About the size of a house cat, but covered with armored scales and an anteater-long snout, pangolins are not the most charismatic of the animal kingdom. However, according to BBC News and National Geographic, they are the most trafficked.
Found throughout Asia and Africa, although increasingly less so now, pangolins are prized for their meat, which is considered a delicacy in Asia, as well as their scales - which is used for (unproven) traditional medicinal and jewelry - and even their blood, which is believed to be an aphrodisiac. Because of this, it is estimated that an approximate 100,000 individuals are poached every year. As National Geographic points out, “that’s one pangolin captured every five minutes.” Although exact pangolin populations are unknown, it is assumed that their numbers are on the steady decline.
However, there is some upbeat news! Earlier this week, the U.S. Fish and Wildlife Service released a statement announcing that they are considering listing seven pangolin species under the Endangered Species Act. If this pulls through, the U.S. would make it illegal to import whole or parts of pangolins into the country or sell them across state lines.
Although the biggest market is in China, Vietnam, and Thailand, the U.S. still holds part of the responsibility for pangolin trade. “With a species as imperiled as pangolins, we need to do whatever we can to shut down that market,” said Jeff Flocken, the International Fund for Animal Welfare’s North America regional director.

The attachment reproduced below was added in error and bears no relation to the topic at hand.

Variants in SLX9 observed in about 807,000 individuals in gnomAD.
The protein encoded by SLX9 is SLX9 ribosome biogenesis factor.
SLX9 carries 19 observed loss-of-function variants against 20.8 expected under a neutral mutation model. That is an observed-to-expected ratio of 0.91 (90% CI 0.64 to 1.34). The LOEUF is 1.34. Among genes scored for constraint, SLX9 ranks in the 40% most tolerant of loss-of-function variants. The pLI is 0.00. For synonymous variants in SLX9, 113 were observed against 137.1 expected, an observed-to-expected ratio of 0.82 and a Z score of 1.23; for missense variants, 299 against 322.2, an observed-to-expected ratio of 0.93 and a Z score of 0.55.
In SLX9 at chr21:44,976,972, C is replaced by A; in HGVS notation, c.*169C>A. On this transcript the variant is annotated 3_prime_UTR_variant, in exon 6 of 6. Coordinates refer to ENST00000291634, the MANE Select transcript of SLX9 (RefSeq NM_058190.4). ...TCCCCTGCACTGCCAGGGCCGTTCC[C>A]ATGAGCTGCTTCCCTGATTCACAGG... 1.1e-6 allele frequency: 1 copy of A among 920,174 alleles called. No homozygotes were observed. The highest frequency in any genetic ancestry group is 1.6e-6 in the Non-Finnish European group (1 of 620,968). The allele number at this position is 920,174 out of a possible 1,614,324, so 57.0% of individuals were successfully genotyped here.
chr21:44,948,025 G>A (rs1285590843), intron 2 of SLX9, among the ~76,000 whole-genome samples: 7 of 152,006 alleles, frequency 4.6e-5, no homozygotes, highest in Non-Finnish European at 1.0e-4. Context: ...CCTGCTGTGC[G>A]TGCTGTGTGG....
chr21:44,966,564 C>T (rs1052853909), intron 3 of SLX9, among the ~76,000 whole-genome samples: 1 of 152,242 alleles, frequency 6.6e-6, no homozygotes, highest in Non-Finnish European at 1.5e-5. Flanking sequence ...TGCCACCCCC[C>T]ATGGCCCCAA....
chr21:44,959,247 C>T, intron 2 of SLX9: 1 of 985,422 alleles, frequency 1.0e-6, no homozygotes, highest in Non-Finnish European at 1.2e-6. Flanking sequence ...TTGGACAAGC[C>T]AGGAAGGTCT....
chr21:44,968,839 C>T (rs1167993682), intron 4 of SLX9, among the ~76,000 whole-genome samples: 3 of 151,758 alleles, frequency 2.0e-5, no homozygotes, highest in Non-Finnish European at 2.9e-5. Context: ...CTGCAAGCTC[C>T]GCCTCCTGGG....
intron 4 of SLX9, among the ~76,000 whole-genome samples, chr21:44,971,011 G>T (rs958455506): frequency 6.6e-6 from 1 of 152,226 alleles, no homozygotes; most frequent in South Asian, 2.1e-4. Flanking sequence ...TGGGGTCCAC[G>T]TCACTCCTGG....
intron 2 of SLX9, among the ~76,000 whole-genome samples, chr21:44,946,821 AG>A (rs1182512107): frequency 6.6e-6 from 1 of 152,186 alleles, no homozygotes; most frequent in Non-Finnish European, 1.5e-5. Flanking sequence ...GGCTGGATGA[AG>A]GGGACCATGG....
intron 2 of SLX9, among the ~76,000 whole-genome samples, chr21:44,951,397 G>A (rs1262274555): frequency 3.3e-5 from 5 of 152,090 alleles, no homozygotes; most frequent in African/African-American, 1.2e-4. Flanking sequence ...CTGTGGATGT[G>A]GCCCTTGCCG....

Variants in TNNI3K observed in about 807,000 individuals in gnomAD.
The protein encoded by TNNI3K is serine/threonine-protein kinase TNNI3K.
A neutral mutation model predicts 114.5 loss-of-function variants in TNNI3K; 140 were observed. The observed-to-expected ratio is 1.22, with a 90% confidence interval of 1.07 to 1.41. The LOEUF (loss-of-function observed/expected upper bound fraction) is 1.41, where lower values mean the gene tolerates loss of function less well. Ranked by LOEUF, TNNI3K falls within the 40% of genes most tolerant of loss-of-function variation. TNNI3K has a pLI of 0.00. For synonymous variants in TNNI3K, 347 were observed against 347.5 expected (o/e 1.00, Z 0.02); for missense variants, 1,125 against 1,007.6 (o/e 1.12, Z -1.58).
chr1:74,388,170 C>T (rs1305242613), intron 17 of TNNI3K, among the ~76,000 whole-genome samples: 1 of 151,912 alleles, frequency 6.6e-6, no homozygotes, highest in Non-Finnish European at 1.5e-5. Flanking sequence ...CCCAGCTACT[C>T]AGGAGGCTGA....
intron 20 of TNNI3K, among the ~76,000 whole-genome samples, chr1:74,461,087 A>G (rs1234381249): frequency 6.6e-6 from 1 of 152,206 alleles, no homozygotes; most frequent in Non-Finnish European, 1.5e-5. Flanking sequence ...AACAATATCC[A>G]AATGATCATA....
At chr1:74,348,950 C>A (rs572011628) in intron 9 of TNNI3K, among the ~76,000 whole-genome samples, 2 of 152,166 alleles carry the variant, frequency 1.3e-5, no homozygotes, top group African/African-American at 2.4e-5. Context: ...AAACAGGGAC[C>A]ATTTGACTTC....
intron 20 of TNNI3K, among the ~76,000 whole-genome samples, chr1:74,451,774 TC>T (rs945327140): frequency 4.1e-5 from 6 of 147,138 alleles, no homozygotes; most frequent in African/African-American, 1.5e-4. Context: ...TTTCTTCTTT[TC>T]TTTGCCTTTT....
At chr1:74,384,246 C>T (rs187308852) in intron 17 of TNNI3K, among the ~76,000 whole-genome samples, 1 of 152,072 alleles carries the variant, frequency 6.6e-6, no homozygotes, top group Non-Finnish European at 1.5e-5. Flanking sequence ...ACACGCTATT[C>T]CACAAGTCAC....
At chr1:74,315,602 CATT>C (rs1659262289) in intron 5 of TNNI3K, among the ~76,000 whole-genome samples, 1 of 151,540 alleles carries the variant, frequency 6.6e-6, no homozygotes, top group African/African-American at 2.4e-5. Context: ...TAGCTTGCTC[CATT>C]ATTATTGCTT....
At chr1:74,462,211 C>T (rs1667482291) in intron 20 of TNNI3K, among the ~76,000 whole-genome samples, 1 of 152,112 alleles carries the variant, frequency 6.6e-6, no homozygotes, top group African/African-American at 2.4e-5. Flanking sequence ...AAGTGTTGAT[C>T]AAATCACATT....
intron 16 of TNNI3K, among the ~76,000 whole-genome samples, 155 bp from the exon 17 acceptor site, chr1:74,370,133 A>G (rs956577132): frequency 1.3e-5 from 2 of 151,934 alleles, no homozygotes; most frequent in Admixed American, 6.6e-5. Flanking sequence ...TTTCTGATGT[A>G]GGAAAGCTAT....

Support for this law would also send a message to other countries to encourage pangolin conservation and better enforcement of the illegal trade. “Having an endangered listing tells the world the U.S. is very serious about this,” said Sarah Uhlemann, the Center for Biological Diversity’s international program director.
The U.S. Fish and Wildlife Service will report on their decision by mid-July. In the meantime, places like the Carnivore and Pangolin Conservation Program’s rescue center
in Vietnam are doing their best to restore illegally seized pangolins to their natural habitats.
Sources: National Geographic
, BBC News